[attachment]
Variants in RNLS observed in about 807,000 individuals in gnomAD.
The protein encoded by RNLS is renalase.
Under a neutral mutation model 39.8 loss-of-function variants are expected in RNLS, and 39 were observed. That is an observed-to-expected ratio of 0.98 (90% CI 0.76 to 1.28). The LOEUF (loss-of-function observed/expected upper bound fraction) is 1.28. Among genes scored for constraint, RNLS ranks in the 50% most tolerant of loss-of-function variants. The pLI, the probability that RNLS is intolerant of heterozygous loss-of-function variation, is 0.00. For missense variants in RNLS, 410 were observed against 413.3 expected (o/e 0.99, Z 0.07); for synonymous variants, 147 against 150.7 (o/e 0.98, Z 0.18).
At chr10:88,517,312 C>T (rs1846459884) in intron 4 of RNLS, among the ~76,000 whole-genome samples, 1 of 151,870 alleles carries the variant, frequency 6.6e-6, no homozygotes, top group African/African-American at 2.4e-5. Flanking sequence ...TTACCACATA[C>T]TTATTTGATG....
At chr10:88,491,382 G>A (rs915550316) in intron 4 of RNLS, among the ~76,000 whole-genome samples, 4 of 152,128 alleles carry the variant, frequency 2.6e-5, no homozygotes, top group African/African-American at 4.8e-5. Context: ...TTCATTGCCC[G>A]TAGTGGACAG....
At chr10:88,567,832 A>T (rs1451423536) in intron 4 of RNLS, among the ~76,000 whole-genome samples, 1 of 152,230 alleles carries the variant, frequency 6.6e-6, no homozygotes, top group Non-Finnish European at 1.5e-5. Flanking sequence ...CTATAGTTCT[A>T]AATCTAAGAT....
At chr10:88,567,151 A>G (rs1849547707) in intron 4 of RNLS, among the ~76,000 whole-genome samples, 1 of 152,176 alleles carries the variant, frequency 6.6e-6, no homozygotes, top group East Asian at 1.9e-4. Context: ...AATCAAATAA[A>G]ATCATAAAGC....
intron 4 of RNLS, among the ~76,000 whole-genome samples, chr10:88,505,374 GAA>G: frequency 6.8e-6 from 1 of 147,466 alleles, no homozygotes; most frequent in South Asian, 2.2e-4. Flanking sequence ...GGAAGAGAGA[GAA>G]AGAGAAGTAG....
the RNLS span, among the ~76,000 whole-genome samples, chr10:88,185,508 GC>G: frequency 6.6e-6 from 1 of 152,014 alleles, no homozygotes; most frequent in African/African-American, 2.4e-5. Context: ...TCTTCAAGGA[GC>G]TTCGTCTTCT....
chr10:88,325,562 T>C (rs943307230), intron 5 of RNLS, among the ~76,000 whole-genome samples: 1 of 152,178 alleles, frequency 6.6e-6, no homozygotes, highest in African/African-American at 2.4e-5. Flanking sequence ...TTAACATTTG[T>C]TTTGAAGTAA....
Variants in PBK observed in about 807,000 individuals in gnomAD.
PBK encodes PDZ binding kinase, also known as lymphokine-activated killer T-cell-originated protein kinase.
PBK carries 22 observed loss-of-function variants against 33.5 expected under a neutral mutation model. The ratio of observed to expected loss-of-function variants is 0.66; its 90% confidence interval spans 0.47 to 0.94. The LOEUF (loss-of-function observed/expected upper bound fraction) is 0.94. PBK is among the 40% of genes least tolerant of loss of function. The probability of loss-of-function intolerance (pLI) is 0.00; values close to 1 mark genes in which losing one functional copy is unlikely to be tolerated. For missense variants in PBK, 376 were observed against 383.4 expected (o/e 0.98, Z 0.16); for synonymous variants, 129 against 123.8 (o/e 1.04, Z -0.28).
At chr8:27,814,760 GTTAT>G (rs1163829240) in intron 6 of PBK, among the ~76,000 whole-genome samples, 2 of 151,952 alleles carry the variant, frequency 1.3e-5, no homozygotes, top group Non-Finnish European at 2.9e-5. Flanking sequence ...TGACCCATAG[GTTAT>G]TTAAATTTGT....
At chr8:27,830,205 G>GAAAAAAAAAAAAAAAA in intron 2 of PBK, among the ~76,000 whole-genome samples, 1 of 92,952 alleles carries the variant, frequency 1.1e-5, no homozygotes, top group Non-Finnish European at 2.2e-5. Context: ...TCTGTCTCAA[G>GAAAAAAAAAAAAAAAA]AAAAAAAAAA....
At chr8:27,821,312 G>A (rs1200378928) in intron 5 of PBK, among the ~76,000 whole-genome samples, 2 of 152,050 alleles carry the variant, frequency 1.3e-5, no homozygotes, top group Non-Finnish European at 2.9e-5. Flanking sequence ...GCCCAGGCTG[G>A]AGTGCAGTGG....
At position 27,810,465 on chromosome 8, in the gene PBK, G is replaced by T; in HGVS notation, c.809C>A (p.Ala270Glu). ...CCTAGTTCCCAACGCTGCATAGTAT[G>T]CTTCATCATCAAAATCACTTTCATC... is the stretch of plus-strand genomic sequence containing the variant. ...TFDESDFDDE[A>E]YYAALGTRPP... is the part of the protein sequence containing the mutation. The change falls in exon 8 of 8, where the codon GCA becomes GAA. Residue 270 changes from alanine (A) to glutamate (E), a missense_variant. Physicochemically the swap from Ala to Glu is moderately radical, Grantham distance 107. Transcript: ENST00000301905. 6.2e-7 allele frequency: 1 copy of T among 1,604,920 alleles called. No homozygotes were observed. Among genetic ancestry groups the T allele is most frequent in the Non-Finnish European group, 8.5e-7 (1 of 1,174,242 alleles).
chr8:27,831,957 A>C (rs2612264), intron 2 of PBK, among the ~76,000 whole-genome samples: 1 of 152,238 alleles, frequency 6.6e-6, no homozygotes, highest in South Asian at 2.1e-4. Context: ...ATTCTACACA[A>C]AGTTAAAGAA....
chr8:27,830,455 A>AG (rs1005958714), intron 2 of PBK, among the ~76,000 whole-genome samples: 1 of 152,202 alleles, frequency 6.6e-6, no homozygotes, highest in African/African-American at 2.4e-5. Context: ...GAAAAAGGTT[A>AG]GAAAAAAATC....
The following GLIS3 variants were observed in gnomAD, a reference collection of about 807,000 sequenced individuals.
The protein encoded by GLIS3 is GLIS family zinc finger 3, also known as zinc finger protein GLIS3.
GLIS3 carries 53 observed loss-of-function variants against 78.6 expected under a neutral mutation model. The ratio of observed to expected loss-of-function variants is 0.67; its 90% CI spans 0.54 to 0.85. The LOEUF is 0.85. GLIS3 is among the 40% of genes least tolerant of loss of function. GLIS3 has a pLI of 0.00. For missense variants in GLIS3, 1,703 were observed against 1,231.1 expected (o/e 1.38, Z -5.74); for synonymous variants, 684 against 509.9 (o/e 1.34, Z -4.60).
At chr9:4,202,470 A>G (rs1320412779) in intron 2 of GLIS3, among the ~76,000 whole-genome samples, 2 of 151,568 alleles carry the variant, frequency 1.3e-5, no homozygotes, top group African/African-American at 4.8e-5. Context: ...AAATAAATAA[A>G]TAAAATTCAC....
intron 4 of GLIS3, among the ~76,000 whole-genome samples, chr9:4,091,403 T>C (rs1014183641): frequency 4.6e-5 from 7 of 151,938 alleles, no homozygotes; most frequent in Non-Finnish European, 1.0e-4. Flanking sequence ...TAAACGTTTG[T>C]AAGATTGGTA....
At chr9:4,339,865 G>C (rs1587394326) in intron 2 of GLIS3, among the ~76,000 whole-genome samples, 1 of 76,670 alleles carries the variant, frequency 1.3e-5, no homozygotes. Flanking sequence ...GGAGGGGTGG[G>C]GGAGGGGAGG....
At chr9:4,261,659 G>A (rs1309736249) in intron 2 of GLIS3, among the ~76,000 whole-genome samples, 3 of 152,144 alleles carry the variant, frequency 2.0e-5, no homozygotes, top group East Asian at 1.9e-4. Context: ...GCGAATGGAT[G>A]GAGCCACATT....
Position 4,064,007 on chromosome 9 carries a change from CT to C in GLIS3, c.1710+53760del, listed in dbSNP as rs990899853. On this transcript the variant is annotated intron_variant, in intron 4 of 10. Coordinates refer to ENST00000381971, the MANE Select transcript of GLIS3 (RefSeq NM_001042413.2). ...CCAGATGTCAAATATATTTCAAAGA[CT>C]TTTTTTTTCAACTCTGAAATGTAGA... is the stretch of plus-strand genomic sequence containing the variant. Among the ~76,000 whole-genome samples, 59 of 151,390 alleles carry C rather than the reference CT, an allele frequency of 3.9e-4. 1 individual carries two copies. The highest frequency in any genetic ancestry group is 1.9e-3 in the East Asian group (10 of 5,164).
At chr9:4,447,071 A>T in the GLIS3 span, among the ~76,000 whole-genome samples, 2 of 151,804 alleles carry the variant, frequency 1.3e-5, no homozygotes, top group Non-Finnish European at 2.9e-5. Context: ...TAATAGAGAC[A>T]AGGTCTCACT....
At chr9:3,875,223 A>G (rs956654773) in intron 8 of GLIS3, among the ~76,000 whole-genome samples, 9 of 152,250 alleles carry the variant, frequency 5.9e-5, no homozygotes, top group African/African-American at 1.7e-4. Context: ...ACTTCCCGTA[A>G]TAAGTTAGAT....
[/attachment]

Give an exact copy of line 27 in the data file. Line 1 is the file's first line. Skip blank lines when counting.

Position 4,064,007 on chromosome 9 carries a change from CT to C in GLIS3, c.1710+53760del, listed in dbSNP as rs990899853. On this transcript the variant is annotated intron_variant, in intron 4 of 10. Coordinates refer to ENST00000381971, the MANE Select transcript of GLIS3 (RefSeq NM_001042413.2). ...CCAGATGTCAAATATATTTCAAAGA[CT>C]TTTTTTTTCAACTCTGAAATGTAGA... is the stretch of plus-strand genomic sequence containing the variant. Among the ~76,000 whole-genome samples, 59 of 151,390 alleles carry C rather than the reference CT, an allele frequency of 3.9e-4. 1 individual carries two copies. The highest frequency in any genetic ancestry group is 1.9e-3 in the East Asian group (10 of 5,164).